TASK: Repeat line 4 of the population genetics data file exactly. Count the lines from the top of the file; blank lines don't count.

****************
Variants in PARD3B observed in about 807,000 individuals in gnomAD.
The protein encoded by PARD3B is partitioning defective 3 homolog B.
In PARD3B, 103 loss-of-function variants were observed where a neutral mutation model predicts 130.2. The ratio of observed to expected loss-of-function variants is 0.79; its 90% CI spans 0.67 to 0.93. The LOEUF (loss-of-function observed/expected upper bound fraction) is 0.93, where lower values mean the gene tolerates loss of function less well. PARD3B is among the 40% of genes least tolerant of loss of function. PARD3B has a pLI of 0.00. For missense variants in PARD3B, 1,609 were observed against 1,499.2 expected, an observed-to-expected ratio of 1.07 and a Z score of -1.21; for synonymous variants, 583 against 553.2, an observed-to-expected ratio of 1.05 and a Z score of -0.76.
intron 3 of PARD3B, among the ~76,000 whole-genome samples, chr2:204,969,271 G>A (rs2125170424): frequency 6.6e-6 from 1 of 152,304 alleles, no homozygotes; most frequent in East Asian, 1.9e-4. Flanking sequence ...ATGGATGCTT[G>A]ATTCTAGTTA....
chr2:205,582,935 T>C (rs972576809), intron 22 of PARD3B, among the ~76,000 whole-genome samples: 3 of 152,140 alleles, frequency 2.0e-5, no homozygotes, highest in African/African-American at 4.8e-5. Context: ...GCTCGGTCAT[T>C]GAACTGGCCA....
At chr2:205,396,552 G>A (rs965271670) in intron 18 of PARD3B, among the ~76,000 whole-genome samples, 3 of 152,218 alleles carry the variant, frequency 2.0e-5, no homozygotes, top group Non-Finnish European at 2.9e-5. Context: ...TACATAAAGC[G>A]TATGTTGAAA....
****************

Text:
intron 3 of PARD3B, among the ~76,000 whole-genome samples, chr2:204,969,271 G>A (rs2125170424): frequency 6.6e-6 from 1 of 152,304 alleles, no homozygotes; most frequent in East Asian, 1.9e-4. Flanking sequence ...ATGGATGCTT[G>A]ATTCTAGTTA....